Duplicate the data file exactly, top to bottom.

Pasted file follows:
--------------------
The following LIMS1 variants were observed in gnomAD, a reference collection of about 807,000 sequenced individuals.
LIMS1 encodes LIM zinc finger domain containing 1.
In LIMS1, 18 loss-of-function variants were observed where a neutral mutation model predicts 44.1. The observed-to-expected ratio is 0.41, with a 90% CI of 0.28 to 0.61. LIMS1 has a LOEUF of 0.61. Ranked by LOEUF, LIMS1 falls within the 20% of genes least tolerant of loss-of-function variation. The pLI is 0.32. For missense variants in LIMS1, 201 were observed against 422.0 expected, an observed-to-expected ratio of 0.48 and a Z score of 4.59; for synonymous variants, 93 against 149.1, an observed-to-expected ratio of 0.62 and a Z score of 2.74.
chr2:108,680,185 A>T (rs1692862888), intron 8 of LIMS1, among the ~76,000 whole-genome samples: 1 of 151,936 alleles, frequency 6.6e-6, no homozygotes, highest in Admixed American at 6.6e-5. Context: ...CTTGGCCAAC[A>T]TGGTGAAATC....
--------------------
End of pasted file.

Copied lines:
The following LIMS1 variants were observed in gnomAD, a reference collection of about 807,000 sequenced individuals.
LIMS1 encodes LIM zinc finger domain containing 1.
In LIMS1, 18 loss-of-function variants were observed where a neutral mutation model predicts 44.1. The observed-to-expected ratio is 0.41, with a 90% CI of 0.28 to 0.61. LIMS1 has a LOEUF of 0.61. Ranked by LOEUF, LIMS1 falls within the 20% of genes least tolerant of loss-of-function variation. The pLI is 0.32. For missense variants in LIMS1, 201 were observed against 422.0 expected, an observed-to-expected ratio of 0.48 and a Z score of 4.59; for synonymous variants, 93 against 149.1, an observed-to-expected ratio of 0.62 and a Z score of 2.74.
chr2:108,680,185 A>T (rs1692862888), intron 8 of LIMS1, among the ~76,000 whole-genome samples: 1 of 151,936 alleles, frequency 6.6e-6, no homozygotes, highest in Admixed American at 6.6e-5. Context: ...CTTGGCCAAC[A>T]TGGTGAAATC....